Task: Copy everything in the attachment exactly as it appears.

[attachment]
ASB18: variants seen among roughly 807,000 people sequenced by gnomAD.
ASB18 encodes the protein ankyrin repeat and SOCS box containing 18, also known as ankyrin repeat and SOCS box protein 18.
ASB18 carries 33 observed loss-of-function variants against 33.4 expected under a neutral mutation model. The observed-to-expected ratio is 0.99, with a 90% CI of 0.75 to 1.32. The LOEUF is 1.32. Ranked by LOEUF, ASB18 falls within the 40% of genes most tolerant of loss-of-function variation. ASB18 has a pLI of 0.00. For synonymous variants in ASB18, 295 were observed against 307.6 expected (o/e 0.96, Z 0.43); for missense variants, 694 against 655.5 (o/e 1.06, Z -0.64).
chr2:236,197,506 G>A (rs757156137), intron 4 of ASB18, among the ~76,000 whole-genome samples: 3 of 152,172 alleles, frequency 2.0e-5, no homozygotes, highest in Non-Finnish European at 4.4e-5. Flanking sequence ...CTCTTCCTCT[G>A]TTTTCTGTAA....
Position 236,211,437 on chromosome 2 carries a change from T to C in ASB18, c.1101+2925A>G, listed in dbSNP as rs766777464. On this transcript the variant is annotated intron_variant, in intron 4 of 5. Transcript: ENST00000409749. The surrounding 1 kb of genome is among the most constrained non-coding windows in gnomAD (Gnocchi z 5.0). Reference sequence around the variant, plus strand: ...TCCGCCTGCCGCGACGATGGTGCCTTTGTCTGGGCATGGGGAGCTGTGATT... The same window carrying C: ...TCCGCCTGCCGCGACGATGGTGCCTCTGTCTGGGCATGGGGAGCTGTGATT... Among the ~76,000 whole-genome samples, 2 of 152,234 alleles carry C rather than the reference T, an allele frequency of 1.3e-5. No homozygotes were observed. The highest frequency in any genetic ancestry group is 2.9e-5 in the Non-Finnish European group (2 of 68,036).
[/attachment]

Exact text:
ASB18: variants seen among roughly 807,000 people sequenced by gnomAD.
ASB18 encodes the protein ankyrin repeat and SOCS box containing 18, also known as ankyrin repeat and SOCS box protein 18.
ASB18 carries 33 observed loss-of-function variants against 33.4 expected under a neutral mutation model. The observed-to-expected ratio is 0.99, with a 90% CI of 0.75 to 1.32. The LOEUF is 1.32. Ranked by LOEUF, ASB18 falls within the 40% of genes most tolerant of loss-of-function variation. ASB18 has a pLI of 0.00. For synonymous variants in ASB18, 295 were observed against 307.6 expected (o/e 0.96, Z 0.43); for missense variants, 694 against 655.5 (o/e 1.06, Z -0.64).
chr2:236,197,506 G>A (rs757156137), intron 4 of ASB18, among the ~76,000 whole-genome samples: 3 of 152,172 alleles, frequency 2.0e-5, no homozygotes, highest in Non-Finnish European at 4.4e-5. Flanking sequence ...CTCTTCCTCT[G>A]TTTTCTGTAA....
Position 236,211,437 on chromosome 2 carries a change from T to C in ASB18, c.1101+2925A>G, listed in dbSNP as rs766777464. On this transcript the variant is annotated intron_variant, in intron 4 of 5. Transcript: ENST00000409749. The surrounding 1 kb of genome is among the most constrained non-coding windows in gnomAD (Gnocchi z 5.0). Reference sequence around the variant, plus strand: ...TCCGCCTGCCGCGACGATGGTGCCTTTGTCTGGGCATGGGGAGCTGTGATT... The same window carrying C: ...TCCGCCTGCCGCGACGATGGTGCCTCTGTCTGGGCATGGGGAGCTGTGATT... Among the ~76,000 whole-genome samples, 2 of 152,234 alleles carry C rather than the reference T, an allele frequency of 1.3e-5. No homozygotes were observed. The highest frequency in any genetic ancestry group is 2.9e-5 in the Non-Finnish European group (2 of 68,036).